Radical Reads

The AI Application Age: Meet functional analysts, the new vertical SaaS

By Molly Welch, Investor

Image: Ideogram, “a display of popart applications for artificial intelligence spotlighting on healthcare and e-commerce,” March, 2024.

AI-native applications present a significant market opportunity, especially in the vast global services sector, beginning with the emergence of “vertical AI.” Unlike traditional vertical SaaS, companies in areas such as legal and healthcare gained attention last year for creating LLM-based solutions for previously underserved industries. Since then, numerous competitors have surfaced in these areas, with new sectors also becoming targets for innovation with LLMs. This week, we highlight excerpts from Radical Investor Molly Welch’s recent article, where she explores functional analysts as the new face of vertical SaaS.

Today’s vertical AI companies follow in the tradition of vertical software, which is distinguished by sector-specific product offerings and workflows. In the past decade, vertical SaaS has emerged as a formidable software category, with the acceleration of businesses like Shopify (e-commerce with an approximate $100 billion market cap), Toast (hospitality with an approximate $13 billion market cap), and ServiceTitan (home services and last valued at approximately $10 billion).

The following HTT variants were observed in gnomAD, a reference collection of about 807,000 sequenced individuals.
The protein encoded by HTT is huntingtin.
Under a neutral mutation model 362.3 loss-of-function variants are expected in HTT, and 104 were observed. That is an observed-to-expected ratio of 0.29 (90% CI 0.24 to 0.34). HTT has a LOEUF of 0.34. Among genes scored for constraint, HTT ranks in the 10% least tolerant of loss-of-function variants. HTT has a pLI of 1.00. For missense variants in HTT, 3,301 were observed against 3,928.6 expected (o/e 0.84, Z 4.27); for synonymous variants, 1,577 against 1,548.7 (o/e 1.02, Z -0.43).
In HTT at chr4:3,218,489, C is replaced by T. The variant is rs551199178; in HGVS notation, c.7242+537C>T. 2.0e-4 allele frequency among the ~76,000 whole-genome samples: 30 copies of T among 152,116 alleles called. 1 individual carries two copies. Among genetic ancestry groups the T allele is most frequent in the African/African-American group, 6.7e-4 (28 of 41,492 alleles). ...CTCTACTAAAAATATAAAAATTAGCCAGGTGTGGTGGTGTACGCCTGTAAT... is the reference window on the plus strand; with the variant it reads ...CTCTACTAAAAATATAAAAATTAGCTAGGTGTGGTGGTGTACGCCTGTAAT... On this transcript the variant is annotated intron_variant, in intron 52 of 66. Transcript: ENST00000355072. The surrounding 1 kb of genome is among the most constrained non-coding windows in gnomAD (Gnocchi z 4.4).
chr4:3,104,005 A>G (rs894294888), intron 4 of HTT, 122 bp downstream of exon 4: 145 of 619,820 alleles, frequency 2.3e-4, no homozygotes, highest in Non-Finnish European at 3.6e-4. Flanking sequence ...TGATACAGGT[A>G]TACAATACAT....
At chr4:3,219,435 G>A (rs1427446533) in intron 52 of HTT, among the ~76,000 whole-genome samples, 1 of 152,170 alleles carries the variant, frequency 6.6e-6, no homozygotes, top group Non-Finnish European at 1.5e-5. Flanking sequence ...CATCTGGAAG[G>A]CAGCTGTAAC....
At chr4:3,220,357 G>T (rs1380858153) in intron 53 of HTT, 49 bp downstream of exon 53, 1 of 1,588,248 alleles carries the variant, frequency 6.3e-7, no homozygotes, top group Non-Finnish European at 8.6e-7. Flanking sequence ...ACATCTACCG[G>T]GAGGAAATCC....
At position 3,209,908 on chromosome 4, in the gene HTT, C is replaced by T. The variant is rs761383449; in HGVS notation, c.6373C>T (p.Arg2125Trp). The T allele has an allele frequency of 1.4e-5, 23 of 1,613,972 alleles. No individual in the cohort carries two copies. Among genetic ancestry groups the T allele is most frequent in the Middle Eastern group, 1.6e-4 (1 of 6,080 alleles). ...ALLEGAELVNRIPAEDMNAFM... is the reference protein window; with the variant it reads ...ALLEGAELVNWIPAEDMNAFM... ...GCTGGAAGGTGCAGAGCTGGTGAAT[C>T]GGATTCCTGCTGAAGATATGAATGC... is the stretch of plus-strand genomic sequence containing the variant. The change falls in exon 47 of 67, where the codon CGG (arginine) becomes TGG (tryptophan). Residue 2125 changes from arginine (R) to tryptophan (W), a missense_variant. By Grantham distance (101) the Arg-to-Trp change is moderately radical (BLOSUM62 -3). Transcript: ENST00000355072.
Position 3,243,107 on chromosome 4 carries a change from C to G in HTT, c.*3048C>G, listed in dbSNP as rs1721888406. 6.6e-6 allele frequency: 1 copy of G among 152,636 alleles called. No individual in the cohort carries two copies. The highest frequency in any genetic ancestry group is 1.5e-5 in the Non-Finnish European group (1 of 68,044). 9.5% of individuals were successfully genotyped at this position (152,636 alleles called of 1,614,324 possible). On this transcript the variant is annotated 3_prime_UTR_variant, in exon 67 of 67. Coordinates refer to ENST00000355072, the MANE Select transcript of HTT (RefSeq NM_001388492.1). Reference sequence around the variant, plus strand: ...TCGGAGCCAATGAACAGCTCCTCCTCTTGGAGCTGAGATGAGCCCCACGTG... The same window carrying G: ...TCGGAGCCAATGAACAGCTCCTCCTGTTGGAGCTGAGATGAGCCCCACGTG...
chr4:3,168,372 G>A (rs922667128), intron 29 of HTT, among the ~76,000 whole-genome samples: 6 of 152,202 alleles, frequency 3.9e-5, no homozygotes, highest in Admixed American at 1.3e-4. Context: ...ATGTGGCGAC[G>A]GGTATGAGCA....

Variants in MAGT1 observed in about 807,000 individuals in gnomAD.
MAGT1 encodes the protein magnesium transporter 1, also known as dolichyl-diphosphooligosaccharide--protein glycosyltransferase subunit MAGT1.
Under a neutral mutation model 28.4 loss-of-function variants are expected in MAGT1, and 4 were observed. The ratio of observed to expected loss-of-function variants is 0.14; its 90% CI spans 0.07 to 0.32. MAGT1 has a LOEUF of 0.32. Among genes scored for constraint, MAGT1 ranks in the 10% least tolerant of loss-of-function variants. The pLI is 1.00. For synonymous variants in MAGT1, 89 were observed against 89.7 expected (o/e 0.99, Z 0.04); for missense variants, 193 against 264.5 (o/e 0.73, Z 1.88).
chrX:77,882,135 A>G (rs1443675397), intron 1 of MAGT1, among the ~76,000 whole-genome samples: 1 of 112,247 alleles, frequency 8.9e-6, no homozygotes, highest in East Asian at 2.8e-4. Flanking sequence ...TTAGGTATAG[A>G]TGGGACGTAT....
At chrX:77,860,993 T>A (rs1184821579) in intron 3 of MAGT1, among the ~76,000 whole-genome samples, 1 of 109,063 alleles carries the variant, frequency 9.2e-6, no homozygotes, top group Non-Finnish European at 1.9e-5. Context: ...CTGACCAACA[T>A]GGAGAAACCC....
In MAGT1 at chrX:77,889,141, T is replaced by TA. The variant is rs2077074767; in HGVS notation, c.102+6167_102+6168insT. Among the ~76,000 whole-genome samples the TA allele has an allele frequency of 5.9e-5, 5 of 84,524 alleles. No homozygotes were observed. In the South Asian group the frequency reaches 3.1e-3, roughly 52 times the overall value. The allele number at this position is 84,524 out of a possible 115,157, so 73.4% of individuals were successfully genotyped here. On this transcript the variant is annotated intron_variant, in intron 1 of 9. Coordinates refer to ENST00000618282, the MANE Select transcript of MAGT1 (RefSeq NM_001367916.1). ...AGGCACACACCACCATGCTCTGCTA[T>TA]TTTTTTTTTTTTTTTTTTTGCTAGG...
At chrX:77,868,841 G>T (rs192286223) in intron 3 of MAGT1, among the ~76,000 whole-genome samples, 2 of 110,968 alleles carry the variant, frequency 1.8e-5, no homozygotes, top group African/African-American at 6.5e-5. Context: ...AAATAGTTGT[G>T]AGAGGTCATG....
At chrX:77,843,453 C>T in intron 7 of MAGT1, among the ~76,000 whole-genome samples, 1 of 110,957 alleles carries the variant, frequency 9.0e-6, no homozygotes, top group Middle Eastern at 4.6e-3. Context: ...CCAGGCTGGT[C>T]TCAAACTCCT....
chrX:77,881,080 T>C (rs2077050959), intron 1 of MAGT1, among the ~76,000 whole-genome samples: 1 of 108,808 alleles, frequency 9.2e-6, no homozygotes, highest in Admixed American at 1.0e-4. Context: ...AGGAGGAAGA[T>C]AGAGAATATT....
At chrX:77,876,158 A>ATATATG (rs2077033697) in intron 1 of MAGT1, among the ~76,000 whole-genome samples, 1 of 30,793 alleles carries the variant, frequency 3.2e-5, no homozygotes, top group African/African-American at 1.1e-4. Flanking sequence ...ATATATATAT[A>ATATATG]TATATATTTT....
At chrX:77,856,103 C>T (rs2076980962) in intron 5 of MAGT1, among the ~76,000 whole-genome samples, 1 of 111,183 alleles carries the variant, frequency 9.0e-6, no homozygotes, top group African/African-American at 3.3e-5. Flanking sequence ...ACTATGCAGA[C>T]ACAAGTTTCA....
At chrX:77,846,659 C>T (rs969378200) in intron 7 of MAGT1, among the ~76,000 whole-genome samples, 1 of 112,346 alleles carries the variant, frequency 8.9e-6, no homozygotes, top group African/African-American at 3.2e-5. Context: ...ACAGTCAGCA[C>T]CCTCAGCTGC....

To date, the opportunity of vertical SaaS has been that “software is eating the world.” Every industry, no matter how analog – and perhaps especially those that are – has unique business needs that can be better addressed by software than pen and paper. Indeed, some of these enterprise needs were actually net new in the Internet era, like the importance of an online storefront and seamless checkout experience that facilitated the rise of Shopify. The trick was to make these vertical SaaS businesses big enough for “venture scale,” e.g. $100M or more in annual revenue. There are familiar adages about how vertical SaaS businesses succeed, including the importance of market leadership – lower TAMs mean market penetration is key for scaling revenue – and expanding product offerings to counteract sometimes low ACVs.